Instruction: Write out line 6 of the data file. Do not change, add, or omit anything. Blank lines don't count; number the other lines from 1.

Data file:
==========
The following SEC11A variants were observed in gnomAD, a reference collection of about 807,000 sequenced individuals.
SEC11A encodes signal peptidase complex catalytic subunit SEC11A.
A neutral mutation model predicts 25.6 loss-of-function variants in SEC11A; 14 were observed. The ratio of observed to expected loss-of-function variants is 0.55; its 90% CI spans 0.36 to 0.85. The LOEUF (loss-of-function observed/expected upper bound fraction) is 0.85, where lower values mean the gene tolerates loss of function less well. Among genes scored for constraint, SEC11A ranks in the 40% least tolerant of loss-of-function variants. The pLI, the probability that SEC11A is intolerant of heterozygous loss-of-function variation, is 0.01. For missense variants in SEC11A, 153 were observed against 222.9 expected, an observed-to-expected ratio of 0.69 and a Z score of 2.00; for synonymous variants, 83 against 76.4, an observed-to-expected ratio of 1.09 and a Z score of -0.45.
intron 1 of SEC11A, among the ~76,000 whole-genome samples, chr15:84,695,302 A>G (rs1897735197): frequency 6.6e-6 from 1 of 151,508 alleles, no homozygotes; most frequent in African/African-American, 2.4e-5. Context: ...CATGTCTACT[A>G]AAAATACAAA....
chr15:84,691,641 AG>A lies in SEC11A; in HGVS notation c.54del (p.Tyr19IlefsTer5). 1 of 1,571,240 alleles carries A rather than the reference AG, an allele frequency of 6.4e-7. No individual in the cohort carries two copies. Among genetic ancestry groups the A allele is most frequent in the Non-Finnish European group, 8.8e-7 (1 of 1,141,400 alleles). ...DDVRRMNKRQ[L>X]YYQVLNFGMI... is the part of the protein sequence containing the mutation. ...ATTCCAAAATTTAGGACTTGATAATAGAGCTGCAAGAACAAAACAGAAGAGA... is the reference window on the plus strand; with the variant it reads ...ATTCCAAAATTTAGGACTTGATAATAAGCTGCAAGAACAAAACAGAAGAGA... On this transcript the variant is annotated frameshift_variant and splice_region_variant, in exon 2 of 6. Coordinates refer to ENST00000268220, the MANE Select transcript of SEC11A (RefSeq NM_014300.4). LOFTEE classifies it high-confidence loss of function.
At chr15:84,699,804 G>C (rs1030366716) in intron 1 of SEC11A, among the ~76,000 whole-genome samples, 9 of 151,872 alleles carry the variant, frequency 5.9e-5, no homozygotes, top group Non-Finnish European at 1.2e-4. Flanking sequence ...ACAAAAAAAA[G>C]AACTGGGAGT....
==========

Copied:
At chr15:84,699,804 G>C (rs1030366716) in intron 1 of SEC11A, among the ~76,000 whole-genome samples, 9 of 151,872 alleles carry the variant, frequency 5.9e-5, no homozygotes, top group Non-Finnish European at 1.2e-4. Flanking sequence ...ACAAAAAAAA[G>C]AACTGGGAGT....